And Litvak covers a lot that everyone else seems to have ignored. Yes, he throws in all the famous quotes (e.g., Lincoln speaking of Grant, "I cannot afford to lose this man. He fights.") But he also has Mrs. Keckley talk about her son, who passed as white to enlist in the Union Army and was killed at Wilson's Creek. [-ecl]
Released theatrically 13 February 2013. Rating: low +1 (-4 to +4), or 6/10.
Film Credits: https://www.imdb.com/title/tt2034098/reference
What others are saying: https://www.rottentomatoes.com/m/saving_lincoln
THE THIS by Adam Roberts (copyright 2022, Gollancz, 10 hours and 24 minutes, ASIN: B09KHLLG4S, narrated by Elliot Fitzpatrick) (audio book review by Joe Karpierz):
We live in a crazy media where social media is everywhere. Facebook, Twitter, Instagram, TikTok, Tumblr, Discord, just to name a few, have taken over the lives of many people. Many folks are addicted to social media; they can always be seen staring into their phones while walking down the street, oblivious to the world around them. Social media has been blamed for many of society's ills. Whether or not you believe that statement, I think it's fair to say that the world has changed immensely since and due to the advent of social media.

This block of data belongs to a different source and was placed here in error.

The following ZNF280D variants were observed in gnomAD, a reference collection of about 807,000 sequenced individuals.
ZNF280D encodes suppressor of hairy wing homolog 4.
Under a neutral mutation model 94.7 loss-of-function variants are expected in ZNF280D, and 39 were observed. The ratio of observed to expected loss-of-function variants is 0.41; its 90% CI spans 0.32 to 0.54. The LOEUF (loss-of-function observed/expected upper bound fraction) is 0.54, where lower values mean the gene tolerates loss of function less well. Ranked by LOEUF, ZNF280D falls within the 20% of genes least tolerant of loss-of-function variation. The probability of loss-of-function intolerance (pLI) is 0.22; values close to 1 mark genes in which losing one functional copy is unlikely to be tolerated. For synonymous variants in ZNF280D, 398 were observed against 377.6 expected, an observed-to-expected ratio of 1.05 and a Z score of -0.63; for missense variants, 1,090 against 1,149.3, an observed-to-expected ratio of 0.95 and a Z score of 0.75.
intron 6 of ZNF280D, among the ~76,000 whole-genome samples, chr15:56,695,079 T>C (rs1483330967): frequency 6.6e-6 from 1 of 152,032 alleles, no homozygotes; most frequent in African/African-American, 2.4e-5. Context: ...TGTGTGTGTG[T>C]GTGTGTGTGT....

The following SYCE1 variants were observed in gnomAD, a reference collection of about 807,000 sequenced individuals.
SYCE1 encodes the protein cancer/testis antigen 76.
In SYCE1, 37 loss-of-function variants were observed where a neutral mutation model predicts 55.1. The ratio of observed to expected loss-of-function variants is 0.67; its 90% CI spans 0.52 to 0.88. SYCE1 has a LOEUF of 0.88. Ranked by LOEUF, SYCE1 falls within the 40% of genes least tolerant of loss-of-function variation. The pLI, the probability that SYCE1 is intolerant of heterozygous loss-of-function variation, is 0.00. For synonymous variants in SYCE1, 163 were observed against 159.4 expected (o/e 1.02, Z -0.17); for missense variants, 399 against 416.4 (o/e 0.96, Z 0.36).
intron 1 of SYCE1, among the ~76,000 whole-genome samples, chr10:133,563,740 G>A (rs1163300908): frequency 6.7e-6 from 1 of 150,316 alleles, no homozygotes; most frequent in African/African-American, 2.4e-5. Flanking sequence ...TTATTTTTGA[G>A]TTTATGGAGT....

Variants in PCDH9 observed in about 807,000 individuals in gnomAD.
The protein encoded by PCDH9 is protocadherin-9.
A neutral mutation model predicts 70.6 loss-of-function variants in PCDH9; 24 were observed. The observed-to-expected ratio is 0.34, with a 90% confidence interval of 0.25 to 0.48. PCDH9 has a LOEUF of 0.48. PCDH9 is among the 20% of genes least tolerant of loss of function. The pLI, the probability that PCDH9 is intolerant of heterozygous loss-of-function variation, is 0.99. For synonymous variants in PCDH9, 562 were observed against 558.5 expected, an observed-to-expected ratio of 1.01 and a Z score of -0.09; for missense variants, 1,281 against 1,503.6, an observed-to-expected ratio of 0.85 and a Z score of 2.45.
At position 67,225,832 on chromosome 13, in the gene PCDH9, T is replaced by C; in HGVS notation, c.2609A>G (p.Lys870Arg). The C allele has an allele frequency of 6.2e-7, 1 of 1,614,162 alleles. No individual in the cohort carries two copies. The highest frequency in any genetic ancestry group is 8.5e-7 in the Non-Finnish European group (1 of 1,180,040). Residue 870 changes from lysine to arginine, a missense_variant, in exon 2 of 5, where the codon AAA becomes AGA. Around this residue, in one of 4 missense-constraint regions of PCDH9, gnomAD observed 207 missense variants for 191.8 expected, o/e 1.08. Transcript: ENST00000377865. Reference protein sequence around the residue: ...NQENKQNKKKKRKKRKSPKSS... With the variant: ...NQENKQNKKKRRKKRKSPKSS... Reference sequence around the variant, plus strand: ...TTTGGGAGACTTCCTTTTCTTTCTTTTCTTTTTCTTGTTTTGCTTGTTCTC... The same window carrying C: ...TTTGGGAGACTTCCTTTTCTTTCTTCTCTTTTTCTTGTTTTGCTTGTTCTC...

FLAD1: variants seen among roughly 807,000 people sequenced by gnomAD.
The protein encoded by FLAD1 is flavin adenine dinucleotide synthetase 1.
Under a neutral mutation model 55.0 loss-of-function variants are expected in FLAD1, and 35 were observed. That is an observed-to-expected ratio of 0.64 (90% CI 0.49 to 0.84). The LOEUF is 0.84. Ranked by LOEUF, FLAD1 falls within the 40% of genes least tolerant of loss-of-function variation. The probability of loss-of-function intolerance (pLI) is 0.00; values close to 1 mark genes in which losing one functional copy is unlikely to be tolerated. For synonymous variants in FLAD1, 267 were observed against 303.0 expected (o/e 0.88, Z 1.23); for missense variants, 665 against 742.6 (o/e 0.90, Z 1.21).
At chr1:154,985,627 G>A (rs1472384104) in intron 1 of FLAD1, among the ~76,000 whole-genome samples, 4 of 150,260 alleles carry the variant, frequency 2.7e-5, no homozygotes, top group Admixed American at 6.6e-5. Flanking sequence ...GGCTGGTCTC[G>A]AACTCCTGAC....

So, what if you could communicate directly with someone else without a keyboard, using a "hands-free Twitter", as the novel describes it? The This, the new social media platform, is just the thing for you if that sounds appealing to you. The corporation that has created The This basically inserts a neural implant through the roof of your mouth that burrows into your brain that allows direct mind-to-mind communication.
But really, did you think that the story actually revolves around The This? Well, yes, I guess it does, but as you might guess, the story revolves around the affect that technology has on humanity, and THE THIS is no exception.